Interestingly enough I have two very close friends that are always on selection panels as they are DHs and who tell me these issues are current. I even spoke to a HT in a social environment and he told me that he personally doesn't like the idea of employing disabled people because they are more likely to be off sick. It's best to think that you do not have to make decisions based on finance but we all do. For instance, I want some walls in my home skimmed. Do I use an older workman, who has mobilty issues and may take 4 days that costs more or do I take a younger workman who does not present any mobility issues, and says he can do it in 2 days and offers less? When the shoe is on the other foot i.e. you have to decide who you are going to employ and you are liable directly for the costs, the question of how you would employ is completely different. Everybody deserves a chance but unfortunately there are not enough chances of everyone.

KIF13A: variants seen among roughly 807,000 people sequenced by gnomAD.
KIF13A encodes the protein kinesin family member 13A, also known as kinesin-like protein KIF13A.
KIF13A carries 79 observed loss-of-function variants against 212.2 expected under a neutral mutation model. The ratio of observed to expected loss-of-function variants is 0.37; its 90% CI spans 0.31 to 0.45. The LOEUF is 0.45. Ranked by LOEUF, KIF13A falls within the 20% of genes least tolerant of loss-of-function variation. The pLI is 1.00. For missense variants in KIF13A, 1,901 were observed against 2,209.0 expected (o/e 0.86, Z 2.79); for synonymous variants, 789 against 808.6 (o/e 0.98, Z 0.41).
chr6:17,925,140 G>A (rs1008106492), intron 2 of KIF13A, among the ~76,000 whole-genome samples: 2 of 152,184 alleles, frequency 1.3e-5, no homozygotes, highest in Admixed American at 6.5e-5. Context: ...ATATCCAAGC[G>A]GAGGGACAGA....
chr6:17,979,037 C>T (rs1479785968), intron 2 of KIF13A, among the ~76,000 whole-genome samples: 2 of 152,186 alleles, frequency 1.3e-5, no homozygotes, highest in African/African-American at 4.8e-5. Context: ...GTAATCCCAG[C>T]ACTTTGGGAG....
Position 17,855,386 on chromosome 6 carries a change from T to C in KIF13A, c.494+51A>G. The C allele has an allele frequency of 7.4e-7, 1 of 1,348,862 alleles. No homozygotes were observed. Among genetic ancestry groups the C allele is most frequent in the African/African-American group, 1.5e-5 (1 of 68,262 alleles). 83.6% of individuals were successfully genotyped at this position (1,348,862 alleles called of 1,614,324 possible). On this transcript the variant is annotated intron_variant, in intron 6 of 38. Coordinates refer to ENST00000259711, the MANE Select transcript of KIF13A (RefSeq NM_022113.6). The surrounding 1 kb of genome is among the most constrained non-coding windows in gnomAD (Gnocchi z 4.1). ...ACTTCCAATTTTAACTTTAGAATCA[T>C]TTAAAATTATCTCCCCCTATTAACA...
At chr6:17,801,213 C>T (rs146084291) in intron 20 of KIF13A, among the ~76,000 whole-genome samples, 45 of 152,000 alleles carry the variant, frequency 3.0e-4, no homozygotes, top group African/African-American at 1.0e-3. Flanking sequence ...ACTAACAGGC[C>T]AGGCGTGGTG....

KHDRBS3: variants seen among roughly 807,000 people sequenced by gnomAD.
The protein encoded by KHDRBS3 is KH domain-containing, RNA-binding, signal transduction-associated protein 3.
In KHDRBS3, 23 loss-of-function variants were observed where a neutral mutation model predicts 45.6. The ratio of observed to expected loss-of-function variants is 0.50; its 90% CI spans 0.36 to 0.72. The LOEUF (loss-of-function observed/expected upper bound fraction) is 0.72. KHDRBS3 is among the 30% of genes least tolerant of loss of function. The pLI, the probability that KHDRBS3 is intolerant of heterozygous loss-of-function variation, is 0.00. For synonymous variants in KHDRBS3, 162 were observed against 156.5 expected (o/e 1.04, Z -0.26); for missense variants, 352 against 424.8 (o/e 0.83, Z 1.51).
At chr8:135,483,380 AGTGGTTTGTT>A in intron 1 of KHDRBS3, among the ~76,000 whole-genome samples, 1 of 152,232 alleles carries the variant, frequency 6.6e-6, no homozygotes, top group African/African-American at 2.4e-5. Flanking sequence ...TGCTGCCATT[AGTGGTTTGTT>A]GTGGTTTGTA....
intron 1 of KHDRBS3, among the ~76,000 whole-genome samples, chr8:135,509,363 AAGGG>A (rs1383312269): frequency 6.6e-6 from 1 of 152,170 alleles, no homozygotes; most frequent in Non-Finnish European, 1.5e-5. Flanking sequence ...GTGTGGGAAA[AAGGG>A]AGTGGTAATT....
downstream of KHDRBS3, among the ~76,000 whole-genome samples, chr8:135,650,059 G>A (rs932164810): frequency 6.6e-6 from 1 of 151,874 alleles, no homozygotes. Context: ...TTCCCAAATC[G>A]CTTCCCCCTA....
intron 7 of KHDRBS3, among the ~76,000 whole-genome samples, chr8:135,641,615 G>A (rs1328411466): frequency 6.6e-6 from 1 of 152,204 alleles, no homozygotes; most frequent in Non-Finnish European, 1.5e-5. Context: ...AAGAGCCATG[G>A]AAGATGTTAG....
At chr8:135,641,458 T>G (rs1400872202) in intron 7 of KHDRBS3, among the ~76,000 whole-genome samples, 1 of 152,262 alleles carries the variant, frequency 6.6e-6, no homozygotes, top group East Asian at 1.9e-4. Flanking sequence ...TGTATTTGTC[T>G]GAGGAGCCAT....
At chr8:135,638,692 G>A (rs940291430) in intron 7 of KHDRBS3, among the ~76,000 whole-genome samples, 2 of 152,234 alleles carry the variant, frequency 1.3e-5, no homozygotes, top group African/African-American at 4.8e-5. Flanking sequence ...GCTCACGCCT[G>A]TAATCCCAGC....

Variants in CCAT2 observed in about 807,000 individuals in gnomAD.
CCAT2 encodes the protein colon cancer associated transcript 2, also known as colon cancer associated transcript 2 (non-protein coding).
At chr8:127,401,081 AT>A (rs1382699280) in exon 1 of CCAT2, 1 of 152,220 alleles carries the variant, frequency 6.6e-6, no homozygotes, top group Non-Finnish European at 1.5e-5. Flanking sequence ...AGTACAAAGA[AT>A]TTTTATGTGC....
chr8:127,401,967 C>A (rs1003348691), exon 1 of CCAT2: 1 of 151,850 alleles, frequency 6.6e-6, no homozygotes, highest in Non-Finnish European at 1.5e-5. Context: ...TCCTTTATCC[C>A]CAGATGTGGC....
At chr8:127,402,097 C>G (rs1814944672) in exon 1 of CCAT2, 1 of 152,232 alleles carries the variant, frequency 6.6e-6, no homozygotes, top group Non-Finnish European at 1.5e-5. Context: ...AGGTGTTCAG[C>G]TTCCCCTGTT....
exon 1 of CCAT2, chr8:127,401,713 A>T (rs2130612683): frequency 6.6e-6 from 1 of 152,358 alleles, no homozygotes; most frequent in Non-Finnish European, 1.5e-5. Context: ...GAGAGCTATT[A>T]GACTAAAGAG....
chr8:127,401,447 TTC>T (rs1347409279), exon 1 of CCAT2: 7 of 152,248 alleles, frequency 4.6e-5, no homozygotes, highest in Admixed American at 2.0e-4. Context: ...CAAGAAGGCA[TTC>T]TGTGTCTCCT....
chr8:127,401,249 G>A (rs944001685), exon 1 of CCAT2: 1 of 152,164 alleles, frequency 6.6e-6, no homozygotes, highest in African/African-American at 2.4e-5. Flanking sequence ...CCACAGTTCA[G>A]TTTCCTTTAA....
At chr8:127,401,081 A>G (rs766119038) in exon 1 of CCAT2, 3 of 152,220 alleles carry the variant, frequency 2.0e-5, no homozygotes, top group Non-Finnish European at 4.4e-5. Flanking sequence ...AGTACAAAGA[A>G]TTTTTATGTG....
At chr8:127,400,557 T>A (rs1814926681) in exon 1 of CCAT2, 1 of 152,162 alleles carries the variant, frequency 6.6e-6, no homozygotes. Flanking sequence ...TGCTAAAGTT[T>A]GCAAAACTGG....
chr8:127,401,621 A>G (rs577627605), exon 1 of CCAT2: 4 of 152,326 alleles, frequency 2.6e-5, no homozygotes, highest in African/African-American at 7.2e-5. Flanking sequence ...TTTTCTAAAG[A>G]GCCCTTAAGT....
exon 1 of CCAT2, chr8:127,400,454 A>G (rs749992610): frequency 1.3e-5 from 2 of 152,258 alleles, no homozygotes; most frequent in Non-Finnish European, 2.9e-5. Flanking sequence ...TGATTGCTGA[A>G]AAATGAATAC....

13. anon8315

    anon8315 Established commenter

    Catbefriender, I can't coment on disabled people as I do not know enough about it. I don't know what the nature of your disability is but I sympathise if you feel it is prevening you finding a post. That must be hard.
    However, I would strongly urge you to look at the actual statistics (not "she says, he knows someone who") - teaching is CRAMMED full of women and the overwhelming majority of these are or will be mothers. I was employed this year as a 30 year old woman: I have no doubt my headteacher expects that I will go on maternity leave in the future and for all he knew, I could have been on maternity leave twice or three times already - it wasn't asked at interview because a) it had nothing to do with whether I could do the job or not and b) it's illegal.